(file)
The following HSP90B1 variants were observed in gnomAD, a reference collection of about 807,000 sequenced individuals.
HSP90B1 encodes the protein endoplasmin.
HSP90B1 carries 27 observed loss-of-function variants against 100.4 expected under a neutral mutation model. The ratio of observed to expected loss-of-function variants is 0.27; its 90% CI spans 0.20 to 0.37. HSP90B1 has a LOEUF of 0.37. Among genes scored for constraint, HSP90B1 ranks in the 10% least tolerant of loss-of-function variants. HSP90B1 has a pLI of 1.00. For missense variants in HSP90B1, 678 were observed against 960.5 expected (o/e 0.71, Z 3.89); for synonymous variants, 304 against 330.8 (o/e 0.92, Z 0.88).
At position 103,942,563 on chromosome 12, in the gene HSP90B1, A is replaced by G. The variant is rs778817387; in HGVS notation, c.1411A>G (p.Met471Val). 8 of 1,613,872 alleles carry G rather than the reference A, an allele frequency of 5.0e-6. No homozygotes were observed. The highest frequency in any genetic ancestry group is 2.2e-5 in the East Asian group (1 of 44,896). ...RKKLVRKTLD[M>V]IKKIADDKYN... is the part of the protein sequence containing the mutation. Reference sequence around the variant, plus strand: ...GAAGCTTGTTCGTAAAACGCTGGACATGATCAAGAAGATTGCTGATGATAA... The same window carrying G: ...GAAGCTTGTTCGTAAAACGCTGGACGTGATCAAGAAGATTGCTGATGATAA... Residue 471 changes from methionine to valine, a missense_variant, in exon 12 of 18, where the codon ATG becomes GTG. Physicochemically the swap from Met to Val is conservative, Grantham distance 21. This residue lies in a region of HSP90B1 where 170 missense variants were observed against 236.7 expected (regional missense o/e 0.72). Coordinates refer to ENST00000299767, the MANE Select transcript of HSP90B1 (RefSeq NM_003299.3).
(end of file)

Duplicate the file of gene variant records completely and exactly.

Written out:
The following HSP90B1 variants were observed in gnomAD, a reference collection of about 807,000 sequenced individuals.
HSP90B1 encodes the protein endoplasmin.
HSP90B1 carries 27 observed loss-of-function variants against 100.4 expected under a neutral mutation model. The ratio of observed to expected loss-of-function variants is 0.27; its 90% CI spans 0.20 to 0.37. HSP90B1 has a LOEUF of 0.37. Among genes scored for constraint, HSP90B1 ranks in the 10% least tolerant of loss-of-function variants. HSP90B1 has a pLI of 1.00. For missense variants in HSP90B1, 678 were observed against 960.5 expected (o/e 0.71, Z 3.89); for synonymous variants, 304 against 330.8 (o/e 0.92, Z 0.88).
At position 103,942,563 on chromosome 12, in the gene HSP90B1, A is replaced by G. The variant is rs778817387; in HGVS notation, c.1411A>G (p.Met471Val). 8 of 1,613,872 alleles carry G rather than the reference A, an allele frequency of 5.0e-6. No homozygotes were observed. The highest frequency in any genetic ancestry group is 2.2e-5 in the East Asian group (1 of 44,896). ...RKKLVRKTLD[M>V]IKKIADDKYN... is the part of the protein sequence containing the mutation. Reference sequence around the variant, plus strand: ...GAAGCTTGTTCGTAAAACGCTGGACATGATCAAGAAGATTGCTGATGATAA... The same window carrying G: ...GAAGCTTGTTCGTAAAACGCTGGACGTGATCAAGAAGATTGCTGATGATAA... Residue 471 changes from methionine to valine, a missense_variant, in exon 12 of 18, where the codon ATG becomes GTG. Physicochemically the swap from Met to Val is conservative, Grantham distance 21. This residue lies in a region of HSP90B1 where 170 missense variants were observed against 236.7 expected (regional missense o/e 0.72). Coordinates refer to ENST00000299767, the MANE Select transcript of HSP90B1 (RefSeq NM_003299.3).